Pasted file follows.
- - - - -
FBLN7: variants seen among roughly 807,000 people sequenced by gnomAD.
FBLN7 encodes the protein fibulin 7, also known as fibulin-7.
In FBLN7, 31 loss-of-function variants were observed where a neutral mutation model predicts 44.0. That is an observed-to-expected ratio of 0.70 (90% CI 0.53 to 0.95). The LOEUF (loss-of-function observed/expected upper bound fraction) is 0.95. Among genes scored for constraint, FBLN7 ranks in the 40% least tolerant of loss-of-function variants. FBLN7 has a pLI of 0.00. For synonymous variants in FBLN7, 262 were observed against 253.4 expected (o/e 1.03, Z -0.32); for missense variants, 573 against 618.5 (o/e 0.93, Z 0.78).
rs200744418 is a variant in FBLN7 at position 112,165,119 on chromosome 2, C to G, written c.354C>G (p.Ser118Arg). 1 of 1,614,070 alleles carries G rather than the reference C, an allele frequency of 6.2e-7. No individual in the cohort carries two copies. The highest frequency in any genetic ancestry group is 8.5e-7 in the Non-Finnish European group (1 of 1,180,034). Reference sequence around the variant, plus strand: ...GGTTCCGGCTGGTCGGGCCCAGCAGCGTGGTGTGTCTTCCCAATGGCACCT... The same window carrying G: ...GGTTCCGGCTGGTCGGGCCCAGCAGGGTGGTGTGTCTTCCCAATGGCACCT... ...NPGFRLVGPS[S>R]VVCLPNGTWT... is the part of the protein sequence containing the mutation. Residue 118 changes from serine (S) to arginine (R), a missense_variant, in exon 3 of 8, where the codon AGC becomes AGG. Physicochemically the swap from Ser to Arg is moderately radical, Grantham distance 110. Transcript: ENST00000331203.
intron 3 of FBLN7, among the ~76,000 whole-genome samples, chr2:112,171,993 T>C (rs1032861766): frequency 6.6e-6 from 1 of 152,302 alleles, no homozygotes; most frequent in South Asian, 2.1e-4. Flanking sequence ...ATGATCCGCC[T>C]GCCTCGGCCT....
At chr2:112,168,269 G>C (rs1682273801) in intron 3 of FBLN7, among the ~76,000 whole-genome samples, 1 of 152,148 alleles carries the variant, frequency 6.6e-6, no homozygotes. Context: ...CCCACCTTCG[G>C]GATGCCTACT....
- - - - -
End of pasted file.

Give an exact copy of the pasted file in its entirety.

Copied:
FBLN7: variants seen among roughly 807,000 people sequenced by gnomAD.
FBLN7 encodes the protein fibulin 7, also known as fibulin-7.
In FBLN7, 31 loss-of-function variants were observed where a neutral mutation model predicts 44.0. That is an observed-to-expected ratio of 0.70 (90% CI 0.53 to 0.95). The LOEUF (loss-of-function observed/expected upper bound fraction) is 0.95. Among genes scored for constraint, FBLN7 ranks in the 40% least tolerant of loss-of-function variants. FBLN7 has a pLI of 0.00. For synonymous variants in FBLN7, 262 were observed against 253.4 expected (o/e 1.03, Z -0.32); for missense variants, 573 against 618.5 (o/e 0.93, Z 0.78).
rs200744418 is a variant in FBLN7 at position 112,165,119 on chromosome 2, C to G, written c.354C>G (p.Ser118Arg). 1 of 1,614,070 alleles carries G rather than the reference C, an allele frequency of 6.2e-7. No individual in the cohort carries two copies. The highest frequency in any genetic ancestry group is 8.5e-7 in the Non-Finnish European group (1 of 1,180,034). Reference sequence around the variant, plus strand: ...GGTTCCGGCTGGTCGGGCCCAGCAGCGTGGTGTGTCTTCCCAATGGCACCT... The same window carrying G: ...GGTTCCGGCTGGTCGGGCCCAGCAGGGTGGTGTGTCTTCCCAATGGCACCT... ...NPGFRLVGPS[S>R]VVCLPNGTWT... is the part of the protein sequence containing the mutation. Residue 118 changes from serine (S) to arginine (R), a missense_variant, in exon 3 of 8, where the codon AGC becomes AGG. Physicochemically the swap from Ser to Arg is moderately radical, Grantham distance 110. Transcript: ENST00000331203.
intron 3 of FBLN7, among the ~76,000 whole-genome samples, chr2:112,171,993 T>C (rs1032861766): frequency 6.6e-6 from 1 of 152,302 alleles, no homozygotes; most frequent in South Asian, 2.1e-4. Flanking sequence ...ATGATCCGCC[T>C]GCCTCGGCCT....
At chr2:112,168,269 G>C (rs1682273801) in intron 3 of FBLN7, among the ~76,000 whole-genome samples, 1 of 152,148 alleles carries the variant, frequency 6.6e-6, no homozygotes. Context: ...CCCACCTTCG[G>C]GATGCCTACT....